Still the darkness gave no clue as to Attila’s whereabouts. Had it not been for those two coughs, I would have thought he was still down there in the house. It was the third time he coughed that I understood what was happening. He was playing with me.
Now, if there’s one thing you don’t want to be, it’s a leopard’s plaything. Even a domestic cat can scratch your hand to ribbons in play but a leopard will rip out your guts before you even see it. And Attila made an ordinary leopard seem like a pussycat. I knew I was in trouble.
He coughed again, this time from my left, and I realised that he was getting closer, definitely toying with me. My only chance was if I could see him and I reached down to get the flashlight from my pack. It would give my position away to any guards awake in the hacienda but I figured Attila had become a priority.
I didn’t get near it. Before I touched the pack, a blur of shadow and soft fur cannoned into me, knocking me down and disappearing into the night again. Slightly dazed, I wondered if I was hallucinating when a voice came from the darkness.
“Sorry, Jim, but I can’t let you give our position away.”
“Who are you?” I asked. “And why should you be concerned about us being seen?”
The voice coughed and then answered. “Those guards have guns, you know. It would be a pity to let them use them after the job’s been done and wrapped up so neatly. Better to play this out in the dark, I think.”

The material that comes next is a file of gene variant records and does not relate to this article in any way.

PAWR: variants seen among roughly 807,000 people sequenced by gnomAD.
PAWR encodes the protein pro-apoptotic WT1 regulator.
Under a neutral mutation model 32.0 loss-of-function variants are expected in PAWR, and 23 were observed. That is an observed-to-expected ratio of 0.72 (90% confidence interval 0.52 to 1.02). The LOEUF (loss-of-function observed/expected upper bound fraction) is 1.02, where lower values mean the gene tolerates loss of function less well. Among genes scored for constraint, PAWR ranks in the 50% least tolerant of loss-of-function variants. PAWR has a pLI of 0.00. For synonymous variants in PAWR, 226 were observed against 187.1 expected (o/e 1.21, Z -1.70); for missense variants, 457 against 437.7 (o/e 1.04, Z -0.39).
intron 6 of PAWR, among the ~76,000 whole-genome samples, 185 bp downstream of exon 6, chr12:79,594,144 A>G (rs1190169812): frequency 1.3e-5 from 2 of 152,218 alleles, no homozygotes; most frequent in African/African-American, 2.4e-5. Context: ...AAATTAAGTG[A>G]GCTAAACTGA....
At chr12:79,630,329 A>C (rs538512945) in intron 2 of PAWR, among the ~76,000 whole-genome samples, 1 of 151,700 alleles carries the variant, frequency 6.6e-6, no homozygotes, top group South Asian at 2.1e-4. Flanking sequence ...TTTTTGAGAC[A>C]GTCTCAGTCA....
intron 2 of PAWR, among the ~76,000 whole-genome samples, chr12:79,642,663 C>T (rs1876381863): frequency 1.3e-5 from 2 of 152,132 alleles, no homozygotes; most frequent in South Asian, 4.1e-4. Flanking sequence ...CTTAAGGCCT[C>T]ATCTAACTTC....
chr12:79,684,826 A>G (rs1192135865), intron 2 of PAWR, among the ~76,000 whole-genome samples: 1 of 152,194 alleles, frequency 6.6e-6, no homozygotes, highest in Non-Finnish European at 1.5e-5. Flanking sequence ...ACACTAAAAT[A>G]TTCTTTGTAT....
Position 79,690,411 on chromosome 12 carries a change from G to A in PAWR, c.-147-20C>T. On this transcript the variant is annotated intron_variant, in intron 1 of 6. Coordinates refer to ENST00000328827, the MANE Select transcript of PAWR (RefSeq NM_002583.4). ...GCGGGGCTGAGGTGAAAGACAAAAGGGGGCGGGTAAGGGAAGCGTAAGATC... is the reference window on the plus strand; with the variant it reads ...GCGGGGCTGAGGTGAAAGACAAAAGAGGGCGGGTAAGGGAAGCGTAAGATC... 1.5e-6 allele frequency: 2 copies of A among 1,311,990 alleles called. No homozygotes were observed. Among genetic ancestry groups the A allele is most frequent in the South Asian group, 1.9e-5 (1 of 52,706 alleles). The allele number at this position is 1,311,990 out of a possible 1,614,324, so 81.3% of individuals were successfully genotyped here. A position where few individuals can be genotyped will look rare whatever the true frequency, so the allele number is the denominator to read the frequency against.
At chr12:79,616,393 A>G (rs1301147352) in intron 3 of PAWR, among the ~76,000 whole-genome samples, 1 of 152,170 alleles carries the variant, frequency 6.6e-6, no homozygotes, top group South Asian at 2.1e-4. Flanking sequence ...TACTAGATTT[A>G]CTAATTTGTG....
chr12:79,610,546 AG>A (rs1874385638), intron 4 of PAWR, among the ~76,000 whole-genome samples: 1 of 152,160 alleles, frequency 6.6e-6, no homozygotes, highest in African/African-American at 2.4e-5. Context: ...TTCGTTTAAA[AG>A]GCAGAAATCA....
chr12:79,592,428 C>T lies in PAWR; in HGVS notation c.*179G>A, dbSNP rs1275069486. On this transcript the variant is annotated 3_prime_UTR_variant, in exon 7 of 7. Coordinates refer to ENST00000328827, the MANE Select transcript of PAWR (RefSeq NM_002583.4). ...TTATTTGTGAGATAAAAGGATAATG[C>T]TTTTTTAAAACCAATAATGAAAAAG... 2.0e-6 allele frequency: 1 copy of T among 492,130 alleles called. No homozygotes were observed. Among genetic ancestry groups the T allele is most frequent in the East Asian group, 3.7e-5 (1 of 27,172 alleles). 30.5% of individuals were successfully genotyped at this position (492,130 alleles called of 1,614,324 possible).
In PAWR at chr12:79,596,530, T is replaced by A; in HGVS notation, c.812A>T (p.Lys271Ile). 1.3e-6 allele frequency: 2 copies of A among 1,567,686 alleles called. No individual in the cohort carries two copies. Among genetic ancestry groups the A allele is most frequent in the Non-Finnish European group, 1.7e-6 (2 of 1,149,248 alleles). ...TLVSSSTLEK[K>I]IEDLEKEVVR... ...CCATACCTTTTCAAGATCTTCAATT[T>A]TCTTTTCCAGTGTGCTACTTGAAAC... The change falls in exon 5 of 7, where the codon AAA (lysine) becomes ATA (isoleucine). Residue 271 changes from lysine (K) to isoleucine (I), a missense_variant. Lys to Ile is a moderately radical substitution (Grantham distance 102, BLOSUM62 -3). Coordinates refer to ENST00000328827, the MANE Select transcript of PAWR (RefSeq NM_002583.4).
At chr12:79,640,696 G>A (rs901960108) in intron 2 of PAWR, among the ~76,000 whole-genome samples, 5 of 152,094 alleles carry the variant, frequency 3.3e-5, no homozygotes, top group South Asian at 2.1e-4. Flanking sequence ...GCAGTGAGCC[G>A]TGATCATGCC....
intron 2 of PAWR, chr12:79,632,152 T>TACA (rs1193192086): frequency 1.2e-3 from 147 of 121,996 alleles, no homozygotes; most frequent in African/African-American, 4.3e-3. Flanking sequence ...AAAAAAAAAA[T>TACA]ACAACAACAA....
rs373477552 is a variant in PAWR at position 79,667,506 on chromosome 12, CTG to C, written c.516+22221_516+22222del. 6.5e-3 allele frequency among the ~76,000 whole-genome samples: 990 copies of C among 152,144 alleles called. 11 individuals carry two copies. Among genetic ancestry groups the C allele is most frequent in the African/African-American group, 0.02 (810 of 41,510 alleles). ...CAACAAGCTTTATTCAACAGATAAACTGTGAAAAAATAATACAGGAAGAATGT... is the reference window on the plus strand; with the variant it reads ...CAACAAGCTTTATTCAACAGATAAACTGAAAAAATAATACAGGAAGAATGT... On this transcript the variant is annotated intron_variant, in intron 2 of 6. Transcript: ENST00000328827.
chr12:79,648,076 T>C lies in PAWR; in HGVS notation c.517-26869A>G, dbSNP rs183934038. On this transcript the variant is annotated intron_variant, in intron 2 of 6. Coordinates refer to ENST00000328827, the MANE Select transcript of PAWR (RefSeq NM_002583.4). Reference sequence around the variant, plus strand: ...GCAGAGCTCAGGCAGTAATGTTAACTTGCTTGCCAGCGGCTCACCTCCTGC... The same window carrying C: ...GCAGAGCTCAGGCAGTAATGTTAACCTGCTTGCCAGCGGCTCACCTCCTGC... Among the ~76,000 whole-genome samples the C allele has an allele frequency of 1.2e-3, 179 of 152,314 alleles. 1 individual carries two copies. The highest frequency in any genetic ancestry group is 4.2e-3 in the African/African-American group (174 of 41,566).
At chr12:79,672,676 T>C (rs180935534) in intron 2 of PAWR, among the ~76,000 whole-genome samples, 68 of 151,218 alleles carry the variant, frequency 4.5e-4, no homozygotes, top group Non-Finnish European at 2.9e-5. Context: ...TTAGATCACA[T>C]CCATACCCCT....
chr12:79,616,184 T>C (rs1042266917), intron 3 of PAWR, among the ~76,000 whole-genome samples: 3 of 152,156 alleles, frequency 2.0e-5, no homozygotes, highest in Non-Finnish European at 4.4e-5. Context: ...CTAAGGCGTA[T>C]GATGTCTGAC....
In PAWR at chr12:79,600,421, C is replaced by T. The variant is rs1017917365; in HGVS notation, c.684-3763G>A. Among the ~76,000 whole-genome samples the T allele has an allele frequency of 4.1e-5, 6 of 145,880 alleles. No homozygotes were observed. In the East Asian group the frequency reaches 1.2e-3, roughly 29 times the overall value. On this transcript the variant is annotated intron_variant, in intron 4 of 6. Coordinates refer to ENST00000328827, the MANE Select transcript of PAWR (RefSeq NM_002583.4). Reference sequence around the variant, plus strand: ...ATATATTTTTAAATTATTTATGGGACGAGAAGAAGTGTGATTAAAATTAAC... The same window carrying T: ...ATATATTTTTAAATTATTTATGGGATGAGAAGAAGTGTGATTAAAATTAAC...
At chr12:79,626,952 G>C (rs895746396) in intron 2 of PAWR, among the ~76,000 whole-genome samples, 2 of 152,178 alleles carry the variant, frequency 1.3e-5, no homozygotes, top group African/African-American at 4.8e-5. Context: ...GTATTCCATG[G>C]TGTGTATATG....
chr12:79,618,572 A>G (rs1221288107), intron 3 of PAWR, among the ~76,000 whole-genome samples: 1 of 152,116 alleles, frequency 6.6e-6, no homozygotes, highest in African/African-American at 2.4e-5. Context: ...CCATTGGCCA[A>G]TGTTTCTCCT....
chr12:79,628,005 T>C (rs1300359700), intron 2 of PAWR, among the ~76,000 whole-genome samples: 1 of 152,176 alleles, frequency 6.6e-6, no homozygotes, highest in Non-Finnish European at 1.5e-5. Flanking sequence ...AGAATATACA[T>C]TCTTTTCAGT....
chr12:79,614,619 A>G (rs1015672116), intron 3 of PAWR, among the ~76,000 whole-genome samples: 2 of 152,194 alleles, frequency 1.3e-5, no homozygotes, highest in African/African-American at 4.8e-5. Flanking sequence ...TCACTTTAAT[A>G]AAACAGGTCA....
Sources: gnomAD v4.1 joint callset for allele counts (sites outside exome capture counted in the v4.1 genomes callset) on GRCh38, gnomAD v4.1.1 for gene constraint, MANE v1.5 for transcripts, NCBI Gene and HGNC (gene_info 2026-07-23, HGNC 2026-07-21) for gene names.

This was getting decidedly unreal. The words forced themselves from my throat. “Attila? Is that you?”
“Who else would be fooling around in the dark with you?” the voice asked. “Come on, Jim, you know how intelligent we are. Don’t you think we were bound to develop the ability to speak eventually?”
He had a point. Even in such a situation, I could see the irony in my work with leopards having developed them to this extreme. My only chance seemed to be to play for time. Maybe I could keep him occupied with talk while I worked closer to the pack. There was a rifle in it, I knew.
“But why are you doing this Attila? I thought we were friends.”
Attila coughed again, this time from a position completely different from his last words. “Friends? Is that what you call it? You were useful for a while, I’ll grant you that. And the guinea pig snacks were great. But not friends, I think. Let’s just say, ‘acquaintances.’ And I know what you’re doing. You won’t distract me, you know.”
I was desperate now. Clearly he could see my every move in spite of the darkness. “But this is insane, Attila. Why would you do this? Why?”
His voice came from another position, even closer now. “Well, I’ll tell you Jim. I know the rules of these jobs as well as you do. And the rules say the target must be left uneaten, as well as any incidentals killed on the way. Which is fine. I abide by that. But, I tell you, Jim, I’m hungry, man. I feel I could eat a scabby horse right now. And you seem to be the only legitimate food around at the moment…”
Word Count: 1,136
Prompt: Training a killer.